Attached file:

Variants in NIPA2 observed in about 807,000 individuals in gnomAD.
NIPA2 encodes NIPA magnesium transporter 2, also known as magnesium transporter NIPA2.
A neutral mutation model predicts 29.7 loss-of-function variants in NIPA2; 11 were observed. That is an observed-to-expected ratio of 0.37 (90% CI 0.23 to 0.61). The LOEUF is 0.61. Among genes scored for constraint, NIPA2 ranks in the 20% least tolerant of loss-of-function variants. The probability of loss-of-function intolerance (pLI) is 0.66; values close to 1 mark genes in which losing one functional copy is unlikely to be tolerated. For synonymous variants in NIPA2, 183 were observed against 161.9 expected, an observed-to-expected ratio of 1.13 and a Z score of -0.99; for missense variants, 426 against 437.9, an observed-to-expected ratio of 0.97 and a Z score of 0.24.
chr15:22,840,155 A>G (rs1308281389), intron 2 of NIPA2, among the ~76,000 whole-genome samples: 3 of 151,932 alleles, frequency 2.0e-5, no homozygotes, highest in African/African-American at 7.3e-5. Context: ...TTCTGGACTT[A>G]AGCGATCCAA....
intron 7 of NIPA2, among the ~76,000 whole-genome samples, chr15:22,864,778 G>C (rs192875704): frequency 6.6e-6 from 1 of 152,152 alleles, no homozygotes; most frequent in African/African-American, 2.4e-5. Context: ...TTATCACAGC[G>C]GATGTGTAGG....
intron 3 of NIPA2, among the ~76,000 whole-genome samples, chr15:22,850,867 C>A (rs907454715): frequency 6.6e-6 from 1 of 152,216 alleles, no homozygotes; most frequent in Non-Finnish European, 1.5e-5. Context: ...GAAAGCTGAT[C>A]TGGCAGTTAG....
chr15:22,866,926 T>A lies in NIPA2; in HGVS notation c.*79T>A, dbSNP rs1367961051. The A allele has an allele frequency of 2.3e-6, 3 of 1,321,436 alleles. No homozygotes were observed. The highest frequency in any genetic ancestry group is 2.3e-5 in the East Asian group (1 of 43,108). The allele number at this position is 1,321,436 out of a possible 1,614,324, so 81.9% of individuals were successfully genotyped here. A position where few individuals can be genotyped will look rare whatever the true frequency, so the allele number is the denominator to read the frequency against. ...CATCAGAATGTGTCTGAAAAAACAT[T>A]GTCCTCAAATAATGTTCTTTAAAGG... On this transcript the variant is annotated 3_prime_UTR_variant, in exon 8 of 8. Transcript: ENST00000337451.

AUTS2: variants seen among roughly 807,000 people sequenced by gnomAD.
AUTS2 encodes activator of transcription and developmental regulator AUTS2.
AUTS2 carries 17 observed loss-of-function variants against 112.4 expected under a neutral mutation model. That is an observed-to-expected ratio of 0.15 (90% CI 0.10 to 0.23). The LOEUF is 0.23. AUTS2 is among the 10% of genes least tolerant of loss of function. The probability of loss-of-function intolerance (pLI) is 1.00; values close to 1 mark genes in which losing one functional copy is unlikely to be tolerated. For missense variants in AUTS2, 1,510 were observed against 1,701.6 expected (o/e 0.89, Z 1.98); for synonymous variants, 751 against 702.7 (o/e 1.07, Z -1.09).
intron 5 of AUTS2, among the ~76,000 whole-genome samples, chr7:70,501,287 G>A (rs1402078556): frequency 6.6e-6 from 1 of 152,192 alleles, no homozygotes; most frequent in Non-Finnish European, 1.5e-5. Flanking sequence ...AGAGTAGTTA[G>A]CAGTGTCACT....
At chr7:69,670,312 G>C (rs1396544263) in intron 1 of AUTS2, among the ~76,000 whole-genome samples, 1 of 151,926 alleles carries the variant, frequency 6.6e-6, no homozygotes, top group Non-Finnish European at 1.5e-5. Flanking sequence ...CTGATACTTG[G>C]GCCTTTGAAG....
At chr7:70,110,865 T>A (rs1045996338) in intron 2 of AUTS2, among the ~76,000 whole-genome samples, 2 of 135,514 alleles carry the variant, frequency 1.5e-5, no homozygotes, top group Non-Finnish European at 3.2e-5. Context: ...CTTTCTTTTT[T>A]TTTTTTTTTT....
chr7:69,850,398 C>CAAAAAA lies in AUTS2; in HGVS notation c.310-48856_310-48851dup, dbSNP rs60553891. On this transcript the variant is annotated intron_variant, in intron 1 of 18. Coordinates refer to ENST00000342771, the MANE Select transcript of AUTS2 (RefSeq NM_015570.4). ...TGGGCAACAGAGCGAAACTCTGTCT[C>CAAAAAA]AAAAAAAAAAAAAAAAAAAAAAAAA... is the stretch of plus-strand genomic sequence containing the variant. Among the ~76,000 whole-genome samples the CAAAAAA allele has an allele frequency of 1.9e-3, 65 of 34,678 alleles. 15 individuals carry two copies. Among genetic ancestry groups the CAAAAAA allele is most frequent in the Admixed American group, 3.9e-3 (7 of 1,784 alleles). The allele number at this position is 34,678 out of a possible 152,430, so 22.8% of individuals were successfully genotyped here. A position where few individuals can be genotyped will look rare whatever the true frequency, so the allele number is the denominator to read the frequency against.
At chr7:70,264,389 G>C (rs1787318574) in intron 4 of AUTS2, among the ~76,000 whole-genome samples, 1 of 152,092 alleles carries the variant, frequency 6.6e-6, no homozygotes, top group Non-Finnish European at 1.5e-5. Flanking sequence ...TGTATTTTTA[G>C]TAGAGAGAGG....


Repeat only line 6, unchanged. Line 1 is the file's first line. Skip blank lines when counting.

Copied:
intron 3 of NIPA2, among the ~76,000 whole-genome samples, chr15:22,850,867 C>A (rs907454715): frequency 6.6e-6 from 1 of 152,216 alleles, no homozygotes; most frequent in Non-Finnish European, 1.5e-5. Context: ...GAAAGCTGAT[C>A]TGGCAGTTAG....